What Kind of Hearing Protection do I Require?

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Your hearing can be damaged by a noisy workplace and it can also affect your focus. Even moderate noise, when experienced for many hours a day, can begin to weaken your hearing health. This is why questions like “what hearing protection should I use?” are worth asking.

It isn’t common knowledge that numerous levels of hearing protection are available. But when you take some time to think about it, it makes sense. A jet engine mechanic is going to need a different level of protection than a truck driver.

Hearing Damage Levels

The fact that 85dB of sound can start to harm your ears is a standard rule of thumb. We’re not really used to considering sound in terms of decibels (even though that’s how we measure sound – it just isn’t a figure we’re used to putting into context).

Eighty-five decibels is about how loud city traffic is when you’re sitting inside your car. No biggie, right? Actually, it’s rather significant. At least, it’s a biggie after several hours. Because it’s not just the loudness of the noise that you need to be aware of, it’s the duration of exposure.

Common Danger Zones

If you’re exposed to 85 dB of noise for eight hours every day or more, you need to think about wearing hearing protection. But that isn’t the only threshold you need to be aware of. If you’re exposed to:

  • 90 dB (e.g., lawnmower): Anything above four hours is considered harmful to your hearing.
  • 100 dB (e.g., power tools): Your ears will be injured when exposed to this level of noise for 1 hour a day.
  • 110 dB (e.g., leaf blower): Injury to your hearing takes place after 15 minutes of exposure to this noise level.
  • 120 dB (e.g., rock concert): If your exposed to this noise level for any length of time, your hearing can be damaged.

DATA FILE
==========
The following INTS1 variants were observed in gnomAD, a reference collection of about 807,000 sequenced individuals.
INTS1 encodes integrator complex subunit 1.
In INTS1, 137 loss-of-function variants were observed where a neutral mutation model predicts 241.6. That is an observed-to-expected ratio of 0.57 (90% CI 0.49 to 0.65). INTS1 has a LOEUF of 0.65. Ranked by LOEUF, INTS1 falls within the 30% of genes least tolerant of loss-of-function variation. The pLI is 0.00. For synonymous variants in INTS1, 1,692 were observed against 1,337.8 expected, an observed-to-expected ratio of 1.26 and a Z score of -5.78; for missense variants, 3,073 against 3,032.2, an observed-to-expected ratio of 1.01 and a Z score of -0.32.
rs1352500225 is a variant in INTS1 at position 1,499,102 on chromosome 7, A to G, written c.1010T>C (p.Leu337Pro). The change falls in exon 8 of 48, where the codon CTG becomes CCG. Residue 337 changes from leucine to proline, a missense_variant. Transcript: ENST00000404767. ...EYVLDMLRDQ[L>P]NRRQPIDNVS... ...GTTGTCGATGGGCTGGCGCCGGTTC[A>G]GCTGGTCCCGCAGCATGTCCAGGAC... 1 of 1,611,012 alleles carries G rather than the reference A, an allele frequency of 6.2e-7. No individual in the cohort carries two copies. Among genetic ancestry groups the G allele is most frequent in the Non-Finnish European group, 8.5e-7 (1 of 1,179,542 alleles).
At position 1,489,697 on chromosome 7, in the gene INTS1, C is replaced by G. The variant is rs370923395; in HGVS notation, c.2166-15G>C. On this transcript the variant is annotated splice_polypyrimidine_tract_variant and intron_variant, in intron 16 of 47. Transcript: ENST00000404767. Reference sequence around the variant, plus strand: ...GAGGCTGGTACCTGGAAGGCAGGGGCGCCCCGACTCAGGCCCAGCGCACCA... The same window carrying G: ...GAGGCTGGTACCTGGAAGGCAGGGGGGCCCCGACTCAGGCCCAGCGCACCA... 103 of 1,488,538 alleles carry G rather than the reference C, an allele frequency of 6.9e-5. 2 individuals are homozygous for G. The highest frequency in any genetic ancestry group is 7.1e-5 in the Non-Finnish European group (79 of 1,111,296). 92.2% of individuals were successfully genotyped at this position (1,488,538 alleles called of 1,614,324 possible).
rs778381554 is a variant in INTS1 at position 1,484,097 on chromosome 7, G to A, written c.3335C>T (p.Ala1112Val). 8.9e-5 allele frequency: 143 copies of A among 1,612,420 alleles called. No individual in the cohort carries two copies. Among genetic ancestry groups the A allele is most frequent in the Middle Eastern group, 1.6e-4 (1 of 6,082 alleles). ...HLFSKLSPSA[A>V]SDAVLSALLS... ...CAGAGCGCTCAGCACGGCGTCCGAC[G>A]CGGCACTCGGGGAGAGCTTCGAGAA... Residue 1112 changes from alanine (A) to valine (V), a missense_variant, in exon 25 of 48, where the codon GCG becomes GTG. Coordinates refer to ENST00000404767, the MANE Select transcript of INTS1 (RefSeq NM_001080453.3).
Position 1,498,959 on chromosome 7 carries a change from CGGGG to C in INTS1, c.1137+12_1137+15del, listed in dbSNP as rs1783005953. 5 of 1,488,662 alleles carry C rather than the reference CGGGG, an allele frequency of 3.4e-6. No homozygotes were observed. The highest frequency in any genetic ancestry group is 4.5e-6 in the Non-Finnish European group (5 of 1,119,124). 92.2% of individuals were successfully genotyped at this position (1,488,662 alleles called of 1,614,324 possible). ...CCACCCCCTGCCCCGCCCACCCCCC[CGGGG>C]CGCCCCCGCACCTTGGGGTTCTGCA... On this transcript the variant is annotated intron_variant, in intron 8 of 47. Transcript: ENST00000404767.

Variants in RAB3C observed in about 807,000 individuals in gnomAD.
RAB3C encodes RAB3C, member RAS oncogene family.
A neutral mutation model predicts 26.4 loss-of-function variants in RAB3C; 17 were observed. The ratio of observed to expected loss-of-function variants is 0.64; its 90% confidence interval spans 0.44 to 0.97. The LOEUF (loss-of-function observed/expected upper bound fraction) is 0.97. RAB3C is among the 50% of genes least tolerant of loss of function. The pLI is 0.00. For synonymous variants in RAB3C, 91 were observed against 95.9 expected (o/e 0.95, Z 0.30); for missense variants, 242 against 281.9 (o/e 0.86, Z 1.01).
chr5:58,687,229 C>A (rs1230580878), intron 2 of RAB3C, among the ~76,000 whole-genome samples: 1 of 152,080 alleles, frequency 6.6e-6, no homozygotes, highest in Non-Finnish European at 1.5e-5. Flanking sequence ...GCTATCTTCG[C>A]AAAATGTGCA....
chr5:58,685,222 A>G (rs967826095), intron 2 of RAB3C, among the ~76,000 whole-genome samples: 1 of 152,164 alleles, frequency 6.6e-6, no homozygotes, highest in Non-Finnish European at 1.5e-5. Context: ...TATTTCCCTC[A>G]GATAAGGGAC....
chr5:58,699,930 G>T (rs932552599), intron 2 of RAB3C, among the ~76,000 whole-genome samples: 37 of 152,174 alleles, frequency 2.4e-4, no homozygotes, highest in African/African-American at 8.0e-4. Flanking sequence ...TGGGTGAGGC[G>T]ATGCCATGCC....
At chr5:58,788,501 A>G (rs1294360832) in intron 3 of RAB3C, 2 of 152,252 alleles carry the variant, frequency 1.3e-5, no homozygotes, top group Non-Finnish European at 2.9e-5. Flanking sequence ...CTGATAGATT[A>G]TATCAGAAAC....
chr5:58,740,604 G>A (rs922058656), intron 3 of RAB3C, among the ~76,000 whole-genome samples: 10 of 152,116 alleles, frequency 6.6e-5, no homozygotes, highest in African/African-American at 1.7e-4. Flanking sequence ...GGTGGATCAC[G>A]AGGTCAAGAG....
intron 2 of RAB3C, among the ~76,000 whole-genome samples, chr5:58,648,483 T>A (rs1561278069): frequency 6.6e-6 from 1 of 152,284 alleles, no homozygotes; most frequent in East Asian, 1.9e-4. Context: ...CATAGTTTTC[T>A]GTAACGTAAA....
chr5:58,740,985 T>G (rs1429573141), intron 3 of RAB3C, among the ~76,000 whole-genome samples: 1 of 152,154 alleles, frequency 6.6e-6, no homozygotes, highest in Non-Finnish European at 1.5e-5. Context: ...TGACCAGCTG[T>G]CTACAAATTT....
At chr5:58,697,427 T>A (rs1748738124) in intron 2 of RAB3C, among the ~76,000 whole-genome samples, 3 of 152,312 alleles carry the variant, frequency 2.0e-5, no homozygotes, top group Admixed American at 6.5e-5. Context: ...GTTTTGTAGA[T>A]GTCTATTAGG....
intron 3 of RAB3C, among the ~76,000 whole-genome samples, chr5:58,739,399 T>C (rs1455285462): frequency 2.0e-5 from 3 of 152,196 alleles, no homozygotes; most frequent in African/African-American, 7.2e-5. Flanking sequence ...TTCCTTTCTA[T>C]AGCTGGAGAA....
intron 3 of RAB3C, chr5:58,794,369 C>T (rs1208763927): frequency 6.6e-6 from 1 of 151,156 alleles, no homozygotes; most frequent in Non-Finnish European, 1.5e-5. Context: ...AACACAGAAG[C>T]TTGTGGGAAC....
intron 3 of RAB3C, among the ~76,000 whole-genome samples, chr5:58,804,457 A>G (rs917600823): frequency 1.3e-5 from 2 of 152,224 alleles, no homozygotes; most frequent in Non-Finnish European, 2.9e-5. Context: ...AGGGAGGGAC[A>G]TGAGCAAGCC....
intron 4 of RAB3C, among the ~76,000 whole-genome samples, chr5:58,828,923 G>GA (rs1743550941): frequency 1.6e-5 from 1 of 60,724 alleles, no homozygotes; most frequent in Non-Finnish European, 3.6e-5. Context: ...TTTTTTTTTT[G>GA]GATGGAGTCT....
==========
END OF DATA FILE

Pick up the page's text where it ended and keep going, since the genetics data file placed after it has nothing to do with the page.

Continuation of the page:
• 140 dB (e.g., jet engine): This amount of noise will cause instant harm and most likely pain to your ears.

When you’re going to be exposed to these volumes of sound, utilize hearing protection that will bring the decibels in your ears down below 85 dB.

Find a Comfortable Fit

NRR, which is an acronym for Noise Reduction Rate, is a scale used to measure the effectiveness of hearing protection. Outside sound will be progressively quieter the higher the NRR.

Most workplaces will have guidelines as to what degree of protection will keep your ears safe because it’s important to have the right protection.

But there’s another aspect to think about also: comfort. It’s very important that your hearing protection is comfortable to wear if you want to keep your ears safe. This is because you’re not as likely to actually use your hearing protection if it’s uncomfortable.

Hearing Protection Choices

There Are Basically Three Options:

  • Earmuffs.
  • Earplugs that sit just outside of the ear canal.
  • In-ear earplugs

There are advantages and disadvantages to each kind of protection, but the majority of your hearing protection choices will come down to personal preference. Earmuffs are a better option for people whose ears are irritated by earplugs. Other people might appreciate the put-them-in-and-forget-them approach of earplugs (obviously, you won’t want to forget them for too long… you should take them out at the end of your workday. And clean them).

Find a Constant Degree of Hearing Protection

Comfort is essential because any lapse in your hearing protection can lead to damage. If you take your earmuffs off for ten minutes because they’re heavy and uncomfortable, your ears can suffer over the long run. So the most important decision you can make is to pick hearing protection that you’re comfortable leaving in place during your workday.

You’re ears will stay healthier and happier if you find the right degree of hearing protection for your circumstance.



References

https://www.cdc.gov/nceh/hearing_loss/what_noises_cause_hearing_loss.html